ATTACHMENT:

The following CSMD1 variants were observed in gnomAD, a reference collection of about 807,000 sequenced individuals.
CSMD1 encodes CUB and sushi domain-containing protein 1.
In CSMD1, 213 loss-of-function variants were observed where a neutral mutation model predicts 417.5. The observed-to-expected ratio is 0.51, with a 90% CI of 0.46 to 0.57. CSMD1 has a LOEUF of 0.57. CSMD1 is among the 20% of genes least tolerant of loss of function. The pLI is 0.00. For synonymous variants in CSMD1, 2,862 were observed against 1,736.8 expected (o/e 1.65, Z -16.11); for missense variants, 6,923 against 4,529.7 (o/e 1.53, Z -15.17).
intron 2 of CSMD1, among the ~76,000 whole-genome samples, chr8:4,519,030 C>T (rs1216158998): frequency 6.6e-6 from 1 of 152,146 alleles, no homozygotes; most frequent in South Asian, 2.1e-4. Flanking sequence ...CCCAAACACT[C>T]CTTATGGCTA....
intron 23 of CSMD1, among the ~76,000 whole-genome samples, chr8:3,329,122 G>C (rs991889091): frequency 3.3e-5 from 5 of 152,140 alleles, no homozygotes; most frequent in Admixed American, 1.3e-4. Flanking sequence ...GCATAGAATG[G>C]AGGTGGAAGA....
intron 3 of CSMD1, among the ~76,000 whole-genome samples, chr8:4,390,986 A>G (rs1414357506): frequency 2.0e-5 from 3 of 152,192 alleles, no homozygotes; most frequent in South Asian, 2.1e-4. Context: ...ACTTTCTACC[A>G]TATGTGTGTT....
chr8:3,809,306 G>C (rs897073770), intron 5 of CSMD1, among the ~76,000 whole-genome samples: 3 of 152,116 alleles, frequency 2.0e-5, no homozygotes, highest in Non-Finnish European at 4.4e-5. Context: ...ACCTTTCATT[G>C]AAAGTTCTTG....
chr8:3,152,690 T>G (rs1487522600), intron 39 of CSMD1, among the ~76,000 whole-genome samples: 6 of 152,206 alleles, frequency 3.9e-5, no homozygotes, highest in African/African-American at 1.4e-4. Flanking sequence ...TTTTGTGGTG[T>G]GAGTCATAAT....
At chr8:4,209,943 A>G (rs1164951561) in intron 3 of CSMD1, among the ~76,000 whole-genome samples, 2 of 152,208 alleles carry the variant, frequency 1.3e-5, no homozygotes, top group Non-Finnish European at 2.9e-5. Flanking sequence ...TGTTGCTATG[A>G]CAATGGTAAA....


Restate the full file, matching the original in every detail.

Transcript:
The following CSMD1 variants were observed in gnomAD, a reference collection of about 807,000 sequenced individuals.
CSMD1 encodes CUB and sushi domain-containing protein 1.
In CSMD1, 213 loss-of-function variants were observed where a neutral mutation model predicts 417.5. The observed-to-expected ratio is 0.51, with a 90% CI of 0.46 to 0.57. CSMD1 has a LOEUF of 0.57. CSMD1 is among the 20% of genes least tolerant of loss of function. The pLI is 0.00. For synonymous variants in CSMD1, 2,862 were observed against 1,736.8 expected (o/e 1.65, Z -16.11); for missense variants, 6,923 against 4,529.7 (o/e 1.53, Z -15.17).
intron 2 of CSMD1, among the ~76,000 whole-genome samples, chr8:4,519,030 C>T (rs1216158998): frequency 6.6e-6 from 1 of 152,146 alleles, no homozygotes; most frequent in South Asian, 2.1e-4. Flanking sequence ...CCCAAACACT[C>T]CTTATGGCTA....
intron 23 of CSMD1, among the ~76,000 whole-genome samples, chr8:3,329,122 G>C (rs991889091): frequency 3.3e-5 from 5 of 152,140 alleles, no homozygotes; most frequent in Admixed American, 1.3e-4. Flanking sequence ...GCATAGAATG[G>C]AGGTGGAAGA....
intron 3 of CSMD1, among the ~76,000 whole-genome samples, chr8:4,390,986 A>G (rs1414357506): frequency 2.0e-5 from 3 of 152,192 alleles, no homozygotes; most frequent in South Asian, 2.1e-4. Context: ...ACTTTCTACC[A>G]TATGTGTGTT....
chr8:3,809,306 G>C (rs897073770), intron 5 of CSMD1, among the ~76,000 whole-genome samples: 3 of 152,116 alleles, frequency 2.0e-5, no homozygotes, highest in Non-Finnish European at 4.4e-5. Context: ...ACCTTTCATT[G>C]AAAGTTCTTG....
chr8:3,152,690 T>G (rs1487522600), intron 39 of CSMD1, among the ~76,000 whole-genome samples: 6 of 152,206 alleles, frequency 3.9e-5, no homozygotes, highest in African/African-American at 1.4e-4. Flanking sequence ...TTTTGTGGTG[T>G]GAGTCATAAT....
At chr8:4,209,943 A>G (rs1164951561) in intron 3 of CSMD1, among the ~76,000 whole-genome samples, 2 of 152,208 alleles carry the variant, frequency 1.3e-5, no homozygotes, top group Non-Finnish European at 2.9e-5. Flanking sequence ...TGTTGCTATG[A>G]CAATGGTAAA....